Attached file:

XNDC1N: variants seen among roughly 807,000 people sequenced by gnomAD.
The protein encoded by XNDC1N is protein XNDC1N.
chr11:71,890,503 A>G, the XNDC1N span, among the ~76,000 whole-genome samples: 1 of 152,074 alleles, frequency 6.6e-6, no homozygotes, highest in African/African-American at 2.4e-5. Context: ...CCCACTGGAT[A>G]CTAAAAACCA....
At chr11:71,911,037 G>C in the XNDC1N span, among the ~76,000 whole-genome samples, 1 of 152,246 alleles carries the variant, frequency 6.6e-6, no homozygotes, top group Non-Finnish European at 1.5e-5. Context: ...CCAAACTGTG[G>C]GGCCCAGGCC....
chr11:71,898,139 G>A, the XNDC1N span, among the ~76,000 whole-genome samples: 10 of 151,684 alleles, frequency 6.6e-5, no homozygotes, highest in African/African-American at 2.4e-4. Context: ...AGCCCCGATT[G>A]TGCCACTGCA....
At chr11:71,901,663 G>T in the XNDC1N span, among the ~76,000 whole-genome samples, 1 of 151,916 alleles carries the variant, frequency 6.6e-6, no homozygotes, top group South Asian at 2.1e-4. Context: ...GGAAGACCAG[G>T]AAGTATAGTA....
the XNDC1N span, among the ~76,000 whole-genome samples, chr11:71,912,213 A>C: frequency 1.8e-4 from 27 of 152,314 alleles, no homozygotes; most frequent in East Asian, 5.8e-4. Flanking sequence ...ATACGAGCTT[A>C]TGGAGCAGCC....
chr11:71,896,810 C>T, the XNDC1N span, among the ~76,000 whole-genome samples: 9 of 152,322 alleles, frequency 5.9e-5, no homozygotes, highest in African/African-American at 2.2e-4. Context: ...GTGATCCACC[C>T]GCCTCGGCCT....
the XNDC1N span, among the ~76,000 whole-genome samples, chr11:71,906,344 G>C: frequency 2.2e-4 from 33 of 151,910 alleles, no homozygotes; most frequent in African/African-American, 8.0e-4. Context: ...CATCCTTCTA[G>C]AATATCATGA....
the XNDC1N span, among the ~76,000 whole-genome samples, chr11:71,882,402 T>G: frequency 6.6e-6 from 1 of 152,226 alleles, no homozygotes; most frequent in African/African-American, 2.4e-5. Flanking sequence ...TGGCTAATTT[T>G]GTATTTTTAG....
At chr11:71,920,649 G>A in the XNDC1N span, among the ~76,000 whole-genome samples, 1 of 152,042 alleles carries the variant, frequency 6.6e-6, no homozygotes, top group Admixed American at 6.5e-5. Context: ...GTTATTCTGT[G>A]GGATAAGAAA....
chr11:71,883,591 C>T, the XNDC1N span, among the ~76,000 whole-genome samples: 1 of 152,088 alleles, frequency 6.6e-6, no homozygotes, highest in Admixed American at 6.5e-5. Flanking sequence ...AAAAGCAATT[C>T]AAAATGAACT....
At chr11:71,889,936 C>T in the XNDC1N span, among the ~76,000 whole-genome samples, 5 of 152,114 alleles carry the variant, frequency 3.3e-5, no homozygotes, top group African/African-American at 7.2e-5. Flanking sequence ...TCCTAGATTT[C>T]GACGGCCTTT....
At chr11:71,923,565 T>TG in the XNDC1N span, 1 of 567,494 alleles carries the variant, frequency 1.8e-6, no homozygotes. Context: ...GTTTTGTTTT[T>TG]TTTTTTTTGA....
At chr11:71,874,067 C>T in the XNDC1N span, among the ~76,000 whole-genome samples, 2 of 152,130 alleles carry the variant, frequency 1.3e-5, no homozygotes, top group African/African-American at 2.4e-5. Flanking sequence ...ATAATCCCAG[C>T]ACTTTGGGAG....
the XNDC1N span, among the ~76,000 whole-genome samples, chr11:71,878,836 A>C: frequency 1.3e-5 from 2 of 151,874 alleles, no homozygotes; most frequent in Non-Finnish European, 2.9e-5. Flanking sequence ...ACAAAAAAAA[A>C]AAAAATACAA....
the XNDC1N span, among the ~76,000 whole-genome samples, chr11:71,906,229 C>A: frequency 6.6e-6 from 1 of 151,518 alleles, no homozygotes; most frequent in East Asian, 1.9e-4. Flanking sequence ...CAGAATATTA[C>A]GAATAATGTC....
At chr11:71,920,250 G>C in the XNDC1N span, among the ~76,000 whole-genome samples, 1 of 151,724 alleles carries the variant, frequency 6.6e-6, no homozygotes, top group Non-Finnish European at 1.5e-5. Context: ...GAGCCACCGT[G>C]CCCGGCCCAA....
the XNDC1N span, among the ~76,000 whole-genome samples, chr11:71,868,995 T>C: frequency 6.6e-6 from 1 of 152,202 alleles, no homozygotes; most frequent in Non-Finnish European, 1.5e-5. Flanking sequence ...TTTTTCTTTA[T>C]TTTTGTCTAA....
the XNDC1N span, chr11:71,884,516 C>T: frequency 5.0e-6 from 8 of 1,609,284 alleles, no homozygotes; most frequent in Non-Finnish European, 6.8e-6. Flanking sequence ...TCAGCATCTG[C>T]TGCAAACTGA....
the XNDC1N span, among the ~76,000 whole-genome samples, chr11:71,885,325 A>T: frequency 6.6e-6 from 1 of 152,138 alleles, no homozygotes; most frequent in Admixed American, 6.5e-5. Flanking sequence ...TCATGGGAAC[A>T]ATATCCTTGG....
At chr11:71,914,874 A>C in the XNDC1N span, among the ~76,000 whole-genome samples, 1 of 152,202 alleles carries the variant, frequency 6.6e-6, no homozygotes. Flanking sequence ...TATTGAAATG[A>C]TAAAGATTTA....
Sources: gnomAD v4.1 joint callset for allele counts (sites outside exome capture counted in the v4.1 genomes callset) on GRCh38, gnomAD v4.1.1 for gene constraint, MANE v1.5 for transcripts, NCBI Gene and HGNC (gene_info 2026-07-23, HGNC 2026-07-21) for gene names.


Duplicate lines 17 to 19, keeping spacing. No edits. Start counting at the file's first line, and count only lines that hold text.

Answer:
the XNDC1N span, among the ~76,000 whole-genome samples, chr11:71,906,229 C>A: frequency 6.6e-6 from 1 of 151,518 alleles, no homozygotes; most frequent in East Asian, 1.9e-4. Flanking sequence ...CAGAATATTA[C>A]GAATAATGTC....
At chr11:71,920,250 G>C in the XNDC1N span, among the ~76,000 whole-genome samples, 1 of 151,724 alleles carries the variant, frequency 6.6e-6, no homozygotes, top group Non-Finnish European at 1.5e-5. Context: ...GAGCCACCGT[G>C]CCCGGCCCAA....
the XNDC1N span, among the ~76,000 whole-genome samples, chr11:71,868,995 T>C: frequency 6.6e-6 from 1 of 152,202 alleles, no homozygotes; most frequent in Non-Finnish European, 1.5e-5. Flanking sequence ...TTTTTCTTTA[T>C]TTTTGTCTAA....